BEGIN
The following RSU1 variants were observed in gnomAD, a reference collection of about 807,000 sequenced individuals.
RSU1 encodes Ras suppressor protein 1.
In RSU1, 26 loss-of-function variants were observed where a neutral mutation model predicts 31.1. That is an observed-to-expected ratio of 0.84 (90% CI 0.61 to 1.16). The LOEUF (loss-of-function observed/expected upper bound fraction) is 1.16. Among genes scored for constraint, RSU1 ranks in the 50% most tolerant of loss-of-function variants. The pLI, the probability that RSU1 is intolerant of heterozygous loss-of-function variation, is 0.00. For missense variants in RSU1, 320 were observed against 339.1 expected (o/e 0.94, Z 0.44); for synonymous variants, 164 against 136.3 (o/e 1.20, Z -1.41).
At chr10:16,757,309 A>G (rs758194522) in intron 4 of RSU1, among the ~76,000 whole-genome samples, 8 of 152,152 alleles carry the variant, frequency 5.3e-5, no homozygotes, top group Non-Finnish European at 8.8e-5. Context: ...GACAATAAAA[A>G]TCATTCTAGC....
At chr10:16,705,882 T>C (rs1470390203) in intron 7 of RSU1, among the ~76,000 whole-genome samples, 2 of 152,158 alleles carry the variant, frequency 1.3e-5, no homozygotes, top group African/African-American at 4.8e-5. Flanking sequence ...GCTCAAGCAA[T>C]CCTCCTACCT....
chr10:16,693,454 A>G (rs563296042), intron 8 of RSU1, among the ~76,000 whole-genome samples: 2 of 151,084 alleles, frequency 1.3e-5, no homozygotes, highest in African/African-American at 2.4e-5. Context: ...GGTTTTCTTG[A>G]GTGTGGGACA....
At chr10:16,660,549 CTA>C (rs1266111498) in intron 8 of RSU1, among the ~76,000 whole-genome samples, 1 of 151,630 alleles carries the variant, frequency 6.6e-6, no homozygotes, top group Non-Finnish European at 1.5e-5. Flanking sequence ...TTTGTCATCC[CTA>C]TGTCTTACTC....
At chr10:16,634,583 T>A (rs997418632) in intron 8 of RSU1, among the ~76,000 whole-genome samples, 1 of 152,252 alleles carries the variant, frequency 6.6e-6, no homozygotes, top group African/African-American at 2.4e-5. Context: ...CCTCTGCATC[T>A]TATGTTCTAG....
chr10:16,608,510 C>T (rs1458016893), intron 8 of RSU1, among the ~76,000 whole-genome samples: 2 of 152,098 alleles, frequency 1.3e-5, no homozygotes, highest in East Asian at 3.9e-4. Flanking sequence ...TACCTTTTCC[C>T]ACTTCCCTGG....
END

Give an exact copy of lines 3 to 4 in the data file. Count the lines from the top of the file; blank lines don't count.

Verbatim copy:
In RSU1, 26 loss-of-function variants were observed where a neutral mutation model predicts 31.1. That is an observed-to-expected ratio of 0.84 (90% CI 0.61 to 1.16). The LOEUF (loss-of-function observed/expected upper bound fraction) is 1.16. Among genes scored for constraint, RSU1 ranks in the 50% most tolerant of loss-of-function variants. The pLI, the probability that RSU1 is intolerant of heterozygous loss-of-function variation, is 0.00. For missense variants in RSU1, 320 were observed against 339.1 expected (o/e 0.94, Z 0.44); for synonymous variants, 164 against 136.3 (o/e 1.20, Z -1.41).
At chr10:16,757,309 A>G (rs758194522) in intron 4 of RSU1, among the ~76,000 whole-genome samples, 8 of 152,152 alleles carry the variant, frequency 5.3e-5, no homozygotes, top group Non-Finnish European at 8.8e-5. Context: ...GACAATAAAA[A>G]TCATTCTAGC....